Equivalent Citation: 2020-1 SCC 1

Date of Judgement: November 9, 2019

Case Number: 10866-10867 of 2010

Petitioner: M Siddiq (deceased)

Respondent: Mahant Suresh Das & Ors[1]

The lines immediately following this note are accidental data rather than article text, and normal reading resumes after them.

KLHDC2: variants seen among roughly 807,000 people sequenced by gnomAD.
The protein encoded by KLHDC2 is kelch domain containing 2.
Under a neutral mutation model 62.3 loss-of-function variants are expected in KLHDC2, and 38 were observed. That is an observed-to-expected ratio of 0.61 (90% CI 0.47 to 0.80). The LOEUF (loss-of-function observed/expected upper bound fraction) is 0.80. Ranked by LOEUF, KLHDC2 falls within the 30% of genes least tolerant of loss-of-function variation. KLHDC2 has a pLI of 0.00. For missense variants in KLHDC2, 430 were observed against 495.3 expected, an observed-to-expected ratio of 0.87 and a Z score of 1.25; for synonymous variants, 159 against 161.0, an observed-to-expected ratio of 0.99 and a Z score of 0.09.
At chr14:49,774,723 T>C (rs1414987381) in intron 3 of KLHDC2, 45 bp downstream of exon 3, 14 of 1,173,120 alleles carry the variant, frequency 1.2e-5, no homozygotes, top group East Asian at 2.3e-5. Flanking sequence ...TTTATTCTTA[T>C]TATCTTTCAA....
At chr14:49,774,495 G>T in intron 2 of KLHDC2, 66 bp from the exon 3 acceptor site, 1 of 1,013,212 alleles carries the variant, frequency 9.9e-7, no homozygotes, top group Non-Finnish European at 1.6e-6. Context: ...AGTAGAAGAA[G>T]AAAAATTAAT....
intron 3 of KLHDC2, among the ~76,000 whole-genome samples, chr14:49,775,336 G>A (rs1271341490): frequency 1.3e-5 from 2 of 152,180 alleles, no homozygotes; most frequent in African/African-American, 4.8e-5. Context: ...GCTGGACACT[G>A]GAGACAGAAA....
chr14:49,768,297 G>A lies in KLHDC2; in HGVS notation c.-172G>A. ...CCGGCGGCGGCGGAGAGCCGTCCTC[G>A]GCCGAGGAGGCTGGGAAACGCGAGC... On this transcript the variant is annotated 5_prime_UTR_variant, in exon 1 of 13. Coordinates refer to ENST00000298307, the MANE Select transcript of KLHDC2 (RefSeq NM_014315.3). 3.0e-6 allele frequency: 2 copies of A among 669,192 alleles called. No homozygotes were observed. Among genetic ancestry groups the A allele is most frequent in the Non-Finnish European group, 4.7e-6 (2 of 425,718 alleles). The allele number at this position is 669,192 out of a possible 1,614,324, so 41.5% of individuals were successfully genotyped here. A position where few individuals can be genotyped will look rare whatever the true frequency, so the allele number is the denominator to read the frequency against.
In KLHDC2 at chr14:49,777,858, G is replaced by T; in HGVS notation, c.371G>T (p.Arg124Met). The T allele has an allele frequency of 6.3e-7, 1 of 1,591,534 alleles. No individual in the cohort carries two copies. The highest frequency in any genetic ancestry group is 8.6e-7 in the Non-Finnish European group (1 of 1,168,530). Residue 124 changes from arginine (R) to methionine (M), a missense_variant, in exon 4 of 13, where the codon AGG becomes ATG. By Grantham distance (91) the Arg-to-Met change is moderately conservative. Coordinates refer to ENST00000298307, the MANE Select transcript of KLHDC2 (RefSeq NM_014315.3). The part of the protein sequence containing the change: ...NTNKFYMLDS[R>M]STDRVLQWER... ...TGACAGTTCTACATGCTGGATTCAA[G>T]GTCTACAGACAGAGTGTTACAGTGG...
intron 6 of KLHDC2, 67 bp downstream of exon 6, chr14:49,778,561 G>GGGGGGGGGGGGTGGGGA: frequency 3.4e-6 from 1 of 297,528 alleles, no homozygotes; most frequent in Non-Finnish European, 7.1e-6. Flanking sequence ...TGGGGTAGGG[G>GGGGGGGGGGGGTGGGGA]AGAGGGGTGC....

This case, which has one of the earliest beginnings in the background of the Indian judicial system, has long captured the interest of the whole country. The Case centres upon the religious sentiments of India’s two most populous sects and their dispute over a plot for ownership in the historic town of Ayodhya. The Muslim community and the Hindu community both asserted that the disputed area is where the Mughal Emperor Babur’s Babri Masjid was constructed, and where Lord Ram was born. The Babri Masjid was constructed in 1528, which is when the lawsuit began. The first community uprising was in the late 1850s. The colonial administration constructed a wall to divide the inner from the outside courtyard in order to order this. Mahant Das brought a civil lawsuit in 1885 to have a temple constructed in the exterior courtyard. However, the court disallowed him from doing so because it thought it would disturb the peace and order of the community. When the Hindu community erected Lord Ram statues in the Central Dome in 1949, it lit a sectarian fire that endured for many years. After both communities filed lawsuits, the Faizabad Civil Court ordered the disputed territory to be sealed off in accordance with Section 145 of the Code of Criminal Procedure. The district court of the Faizabad Court, however, unlocked the gates and let the Hindu community practise their faith in the region in 1986. This came to an end when the Karsewaks destroyed the mosque at Babri on December 6, 1992. In 1989, the case was moved from the Faizabad Civil Court into the Allahabad High Court. The inner courtyard, the Ram Chabutra, and the Sita Rasoi were designated for the Lord, the Nirmohi Akhara, while the remaining property was designated for the Sunni Board by the High Court. Yet, neither of the parties were happy with the court’s ruling, and they each petitioned the Supreme Court for appeals and special leave. The Ram Janam Bhoomi was allegedly built after the Mughals demolished it during their conquest of India, in accordance with the Hindu community. On the other side, the Muslims said that Mir Qasim, the General of Babur, carried out Babur’s instructions and erected the mosque on a piece of undeveloped ground. The Muslim community, on the other hand, did not contest Ram Janam Bhoomi’s reality. They only asserted that there was no proprietary claim made by the Hindu community. The lawsuit was brought on behalf of the Shebat, claims the Nirmohi Akhara. The individual who oversees the Deity’s affairs and acts as the Deity’s personal servant is known as a Shebait. The principal defence put out by the Sunni Board was that prior to the placement of the statues in 1949, there had been none deities in the region. They said that they frequently prayed in the mosque up until 1949. They would benefit more since they have long-term usage of the contested property. On the other side, the Hindu community said that Babur demolished numerous temples, included the temple at Ayodhya, after he entered their territory, now known as India. It was only reasonable to make up for past wrongs after adopting a constitutional system of just governance because the Hindu community was forced to endure the violence of their invasion. They said that the land’s title, which had been in place since the eleventh century, was still in force today. Evidence was offered, including a copy of the Faizabad Gazette from 1928. This gazette recognised Babur, the Mughal emperor, for destroying the historic Ram Janam Bhoomi shrine. The mosque was built using the Kasauti Pillar along with other remnants of the demolished temple. Even after it was destroyed, devotees kept on praying to Lord Ram using a variety of symbols, including Sita Rasoi. The court case brought on the Deity’s behalf was crucial since in order to speak for the Lord himself instead of his disciples. Their interests would be more important to him than Lord Ram’s.[2]